5. Reset for Rondon: Rondon squandered a prime opportunity in a brief audition for the closer’s role in the final weeks of the 2015 season, instead pouting his way to an abrupt dismissal. The Tigers sent him home before season’s end, citing “effort level” reasons. If Rondon wants to salvage his reputation within the organization, he needs to show an unequivocal commitment to his craft and his conditioning this offseason, starting with winter ball. Expect the Tigers to keep a close eye on the 24-year-old as they track his progress, or lack thereof.

6. Rest factor: If there is any silver lining to the Tigers’ abysmal finish and postseason miss, it is that some of their key performers will get an extended period to rest and recuperate this winter. Veterans like Miguel Cabrera and Victor Martinez battled through injuries this past season, and the Tigers can only hope they will be benefactors of a full offseason to recharge and reset. Other players such as Jose Iglesias (finger) and pitchers Anibal Sanchez (shoulder) and Shane Greene (pseudoaneurysm) will also be coming off season-ending injuries.

7. Young guns: Manager Brad Ausmus and the Tigers' front office got an extended look at some of the club’s bright young prospects, including shortstop Dixon Machado, who got a number of starts with Iglesias injured, and talented outfielder Steven Moya, who briefly transitioned from right to left field before his September call-up. Both players are honing their skills while playing winter ball this offseason and could compete for a spot come spring training.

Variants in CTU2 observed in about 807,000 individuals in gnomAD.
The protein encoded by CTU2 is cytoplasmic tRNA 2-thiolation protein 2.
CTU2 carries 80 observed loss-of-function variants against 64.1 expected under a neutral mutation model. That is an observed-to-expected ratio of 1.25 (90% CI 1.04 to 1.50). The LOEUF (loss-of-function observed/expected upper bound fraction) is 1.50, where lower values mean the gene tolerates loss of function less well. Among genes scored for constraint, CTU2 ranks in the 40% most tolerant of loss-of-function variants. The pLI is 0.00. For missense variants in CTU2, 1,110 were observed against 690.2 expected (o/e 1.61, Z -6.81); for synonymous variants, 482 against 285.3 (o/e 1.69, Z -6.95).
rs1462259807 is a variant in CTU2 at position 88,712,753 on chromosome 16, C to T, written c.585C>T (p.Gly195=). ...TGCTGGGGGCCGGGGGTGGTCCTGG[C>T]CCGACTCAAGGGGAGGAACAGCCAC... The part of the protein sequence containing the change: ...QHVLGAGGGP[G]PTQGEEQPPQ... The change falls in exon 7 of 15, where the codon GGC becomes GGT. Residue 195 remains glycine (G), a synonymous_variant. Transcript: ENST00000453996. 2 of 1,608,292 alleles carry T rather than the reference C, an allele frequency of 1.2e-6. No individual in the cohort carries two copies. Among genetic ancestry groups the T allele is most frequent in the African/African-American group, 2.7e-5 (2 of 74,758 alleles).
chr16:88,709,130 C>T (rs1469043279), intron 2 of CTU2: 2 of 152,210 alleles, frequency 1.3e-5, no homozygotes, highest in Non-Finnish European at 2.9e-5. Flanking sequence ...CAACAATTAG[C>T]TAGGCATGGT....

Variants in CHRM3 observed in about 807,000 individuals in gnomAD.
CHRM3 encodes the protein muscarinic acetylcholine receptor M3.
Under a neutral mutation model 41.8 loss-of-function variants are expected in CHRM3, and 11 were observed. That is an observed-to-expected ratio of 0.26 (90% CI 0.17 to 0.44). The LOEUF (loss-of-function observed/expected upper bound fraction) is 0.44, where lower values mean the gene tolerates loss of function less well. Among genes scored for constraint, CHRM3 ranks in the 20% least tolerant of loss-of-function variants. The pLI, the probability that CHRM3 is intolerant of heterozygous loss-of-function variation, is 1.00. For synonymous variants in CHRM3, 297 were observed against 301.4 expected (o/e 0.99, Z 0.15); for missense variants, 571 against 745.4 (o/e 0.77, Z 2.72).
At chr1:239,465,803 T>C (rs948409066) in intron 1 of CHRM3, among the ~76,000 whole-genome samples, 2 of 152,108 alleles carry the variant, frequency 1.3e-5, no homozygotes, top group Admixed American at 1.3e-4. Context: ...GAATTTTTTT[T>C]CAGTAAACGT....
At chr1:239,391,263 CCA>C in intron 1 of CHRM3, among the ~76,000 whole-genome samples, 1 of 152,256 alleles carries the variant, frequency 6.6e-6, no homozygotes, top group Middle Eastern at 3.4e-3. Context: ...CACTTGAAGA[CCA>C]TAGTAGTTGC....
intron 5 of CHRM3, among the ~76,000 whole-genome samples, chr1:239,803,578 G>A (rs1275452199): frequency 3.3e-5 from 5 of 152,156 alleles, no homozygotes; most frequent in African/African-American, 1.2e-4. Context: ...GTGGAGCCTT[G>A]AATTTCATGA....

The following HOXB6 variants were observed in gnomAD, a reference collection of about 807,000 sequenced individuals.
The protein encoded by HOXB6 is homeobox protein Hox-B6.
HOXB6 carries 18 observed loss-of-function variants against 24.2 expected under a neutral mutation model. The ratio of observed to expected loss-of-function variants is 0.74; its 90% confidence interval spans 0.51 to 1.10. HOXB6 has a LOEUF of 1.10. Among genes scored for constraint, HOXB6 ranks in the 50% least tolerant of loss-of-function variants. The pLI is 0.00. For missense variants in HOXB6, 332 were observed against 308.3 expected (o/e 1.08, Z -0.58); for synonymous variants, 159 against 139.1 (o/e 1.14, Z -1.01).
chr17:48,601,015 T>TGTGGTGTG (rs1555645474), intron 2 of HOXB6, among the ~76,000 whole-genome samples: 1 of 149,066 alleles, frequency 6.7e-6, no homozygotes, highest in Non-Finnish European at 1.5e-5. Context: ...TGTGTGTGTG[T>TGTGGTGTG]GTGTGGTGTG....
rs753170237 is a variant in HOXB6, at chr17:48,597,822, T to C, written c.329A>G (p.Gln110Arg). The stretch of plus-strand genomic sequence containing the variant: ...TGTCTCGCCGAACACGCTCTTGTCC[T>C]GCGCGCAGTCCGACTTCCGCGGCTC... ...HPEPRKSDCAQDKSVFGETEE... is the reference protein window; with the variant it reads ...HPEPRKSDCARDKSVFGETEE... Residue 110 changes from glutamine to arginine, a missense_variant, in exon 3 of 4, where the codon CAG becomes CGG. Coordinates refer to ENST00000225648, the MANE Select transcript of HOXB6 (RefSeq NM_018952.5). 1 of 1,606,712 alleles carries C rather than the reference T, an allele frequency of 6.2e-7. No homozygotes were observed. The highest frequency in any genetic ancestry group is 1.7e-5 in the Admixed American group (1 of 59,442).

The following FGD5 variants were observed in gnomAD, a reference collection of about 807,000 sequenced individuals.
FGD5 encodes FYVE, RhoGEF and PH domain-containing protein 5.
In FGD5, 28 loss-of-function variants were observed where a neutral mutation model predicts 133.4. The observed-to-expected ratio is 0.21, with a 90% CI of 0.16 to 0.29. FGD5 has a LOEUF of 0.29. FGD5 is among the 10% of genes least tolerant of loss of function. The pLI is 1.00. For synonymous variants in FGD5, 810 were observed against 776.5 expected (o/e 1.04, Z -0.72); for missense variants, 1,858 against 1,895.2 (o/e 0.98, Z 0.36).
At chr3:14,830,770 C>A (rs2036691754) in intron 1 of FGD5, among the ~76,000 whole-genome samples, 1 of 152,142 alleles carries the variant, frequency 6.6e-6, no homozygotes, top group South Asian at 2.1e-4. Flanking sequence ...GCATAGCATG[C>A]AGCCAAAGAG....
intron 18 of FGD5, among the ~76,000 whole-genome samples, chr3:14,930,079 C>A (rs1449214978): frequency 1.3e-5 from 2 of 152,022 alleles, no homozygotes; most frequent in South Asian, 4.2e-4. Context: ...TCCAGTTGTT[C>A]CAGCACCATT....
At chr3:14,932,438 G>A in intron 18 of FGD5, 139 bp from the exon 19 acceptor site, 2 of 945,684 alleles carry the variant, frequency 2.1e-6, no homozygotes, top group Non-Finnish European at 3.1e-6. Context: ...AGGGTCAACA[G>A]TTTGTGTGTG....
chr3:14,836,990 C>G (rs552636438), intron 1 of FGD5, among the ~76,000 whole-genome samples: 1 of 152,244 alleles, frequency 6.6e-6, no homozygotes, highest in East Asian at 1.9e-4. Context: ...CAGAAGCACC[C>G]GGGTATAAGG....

8. On the mend: Promising young pitcher Daniel Norris, the top prospect acquired in the Price deal with the Blue Jays, made a shocking revelation this offseason, announcing he had been diagnosed with thyroid cancer during the 2015 season. Norris subsequently underwent surgery to remove the cancerous tumor and recently announced he was cancer-free. The Tigers, who were aware of the diagnosis when they made the trade in July, will continue to monitor the 23-year-old left-hander and hope for a speedy recovery. Assuming all is well come springtime, Norris is considered the front-runner among the club’s young arms to nail down a spot in the starting rotation.

9. New face: With the retirement of pitching coach Jeff Jones after his 38-year career, Rich Dubee joins the organization as the Tigers’ new pitching coach. Considering the club’s abysmal performance on the mound this past season -- a team ERA of 4.64 that ranked 28th in MLB -- Dubee will have his work cut out for him. The longtime Philadelphia Phillies pitching coach has already provided some insight into his philosophy, however, telling reporters after his hiring that he likes pitchers to be aggressive and pitch inside. It should be interesting to see if this preference is at all reflected in who the team decides to target once the free-agency period opens this weekend.

10. Stats savvy: One area in which the team has made a concerted push for improvement is in the analytics department. With Sam Menzin heading the group, the Tigers are putting an increased focus on gathering and evaluating advanced statistical information that can help inform decisions, both in evaluating free agency or trade candidates as well as evaluating its own personnel. The Tigers added two analytics staffers plus a pair of consultants to help in this effort and already incorporated some of the department’s work into presentations during organizational meetings last month.